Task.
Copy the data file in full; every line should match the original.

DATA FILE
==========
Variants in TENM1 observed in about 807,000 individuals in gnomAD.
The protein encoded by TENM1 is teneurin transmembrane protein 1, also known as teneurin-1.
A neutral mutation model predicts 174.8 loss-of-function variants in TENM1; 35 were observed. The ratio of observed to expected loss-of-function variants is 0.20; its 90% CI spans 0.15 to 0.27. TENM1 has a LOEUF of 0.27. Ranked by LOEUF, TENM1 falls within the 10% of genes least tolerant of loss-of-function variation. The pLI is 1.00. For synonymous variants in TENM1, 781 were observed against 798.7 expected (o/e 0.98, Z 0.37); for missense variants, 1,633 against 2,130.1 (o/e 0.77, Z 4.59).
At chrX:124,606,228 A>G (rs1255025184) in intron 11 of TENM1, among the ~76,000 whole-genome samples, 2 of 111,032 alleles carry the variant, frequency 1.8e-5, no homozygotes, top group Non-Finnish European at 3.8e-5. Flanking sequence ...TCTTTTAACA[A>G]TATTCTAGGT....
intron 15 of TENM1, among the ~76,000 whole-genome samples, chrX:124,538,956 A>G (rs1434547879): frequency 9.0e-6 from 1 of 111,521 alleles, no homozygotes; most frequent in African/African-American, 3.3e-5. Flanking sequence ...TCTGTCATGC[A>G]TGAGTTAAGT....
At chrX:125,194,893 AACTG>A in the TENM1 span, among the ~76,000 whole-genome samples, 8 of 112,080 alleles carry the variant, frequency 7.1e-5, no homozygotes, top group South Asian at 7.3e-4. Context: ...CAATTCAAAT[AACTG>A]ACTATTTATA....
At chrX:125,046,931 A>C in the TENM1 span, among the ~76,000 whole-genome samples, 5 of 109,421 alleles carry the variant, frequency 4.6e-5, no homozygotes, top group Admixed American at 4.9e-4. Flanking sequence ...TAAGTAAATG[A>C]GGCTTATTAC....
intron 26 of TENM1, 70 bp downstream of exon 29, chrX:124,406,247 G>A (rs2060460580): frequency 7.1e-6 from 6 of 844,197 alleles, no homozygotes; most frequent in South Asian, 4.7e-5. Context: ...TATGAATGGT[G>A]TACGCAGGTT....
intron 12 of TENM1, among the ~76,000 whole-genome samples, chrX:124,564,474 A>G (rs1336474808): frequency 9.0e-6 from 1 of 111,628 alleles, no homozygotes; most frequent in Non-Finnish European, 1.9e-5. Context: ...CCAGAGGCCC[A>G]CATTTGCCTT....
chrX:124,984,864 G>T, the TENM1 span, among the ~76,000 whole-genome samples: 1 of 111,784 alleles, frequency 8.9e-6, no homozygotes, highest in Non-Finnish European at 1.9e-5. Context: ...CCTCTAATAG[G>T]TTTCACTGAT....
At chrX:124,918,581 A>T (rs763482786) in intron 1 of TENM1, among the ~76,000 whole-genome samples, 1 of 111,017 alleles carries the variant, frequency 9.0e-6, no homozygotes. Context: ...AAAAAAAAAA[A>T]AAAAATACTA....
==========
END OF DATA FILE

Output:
Variants in TENM1 observed in about 807,000 individuals in gnomAD.
The protein encoded by TENM1 is teneurin transmembrane protein 1, also known as teneurin-1.
A neutral mutation model predicts 174.8 loss-of-function variants in TENM1; 35 were observed. The ratio of observed to expected loss-of-function variants is 0.20; its 90% CI spans 0.15 to 0.27. TENM1 has a LOEUF of 0.27. Ranked by LOEUF, TENM1 falls within the 10% of genes least tolerant of loss-of-function variation. The pLI is 1.00. For synonymous variants in TENM1, 781 were observed against 798.7 expected (o/e 0.98, Z 0.37); for missense variants, 1,633 against 2,130.1 (o/e 0.77, Z 4.59).
At chrX:124,606,228 A>G (rs1255025184) in intron 11 of TENM1, among the ~76,000 whole-genome samples, 2 of 111,032 alleles carry the variant, frequency 1.8e-5, no homozygotes, top group Non-Finnish European at 3.8e-5. Flanking sequence ...TCTTTTAACA[A>G]TATTCTAGGT....
intron 15 of TENM1, among the ~76,000 whole-genome samples, chrX:124,538,956 A>G (rs1434547879): frequency 9.0e-6 from 1 of 111,521 alleles, no homozygotes; most frequent in African/African-American, 3.3e-5. Flanking sequence ...TCTGTCATGC[A>G]TGAGTTAAGT....
At chrX:125,194,893 AACTG>A in the TENM1 span, among the ~76,000 whole-genome samples, 8 of 112,080 alleles carry the variant, frequency 7.1e-5, no homozygotes, top group South Asian at 7.3e-4. Context: ...CAATTCAAAT[AACTG>A]ACTATTTATA....
At chrX:125,046,931 A>C in the TENM1 span, among the ~76,000 whole-genome samples, 5 of 109,421 alleles carry the variant, frequency 4.6e-5, no homozygotes, top group Admixed American at 4.9e-4. Flanking sequence ...TAAGTAAATG[A>C]GGCTTATTAC....
intron 26 of TENM1, 70 bp downstream of exon 29, chrX:124,406,247 G>A (rs2060460580): frequency 7.1e-6 from 6 of 844,197 alleles, no homozygotes; most frequent in South Asian, 4.7e-5. Context: ...TATGAATGGT[G>A]TACGCAGGTT....
intron 12 of TENM1, among the ~76,000 whole-genome samples, chrX:124,564,474 A>G (rs1336474808): frequency 9.0e-6 from 1 of 111,628 alleles, no homozygotes; most frequent in Non-Finnish European, 1.9e-5. Context: ...CCAGAGGCCC[A>G]CATTTGCCTT....
chrX:124,984,864 G>T, the TENM1 span, among the ~76,000 whole-genome samples: 1 of 111,784 alleles, frequency 8.9e-6, no homozygotes, highest in Non-Finnish European at 1.9e-5. Context: ...CCTCTAATAG[G>T]TTTCACTGAT....
At chrX:124,918,581 A>T (rs763482786) in intron 1 of TENM1, among the ~76,000 whole-genome samples, 1 of 111,017 alleles carries the variant, frequency 9.0e-6, no homozygotes. Context: ...AAAAAAAAAA[A>T]AAAAATACTA....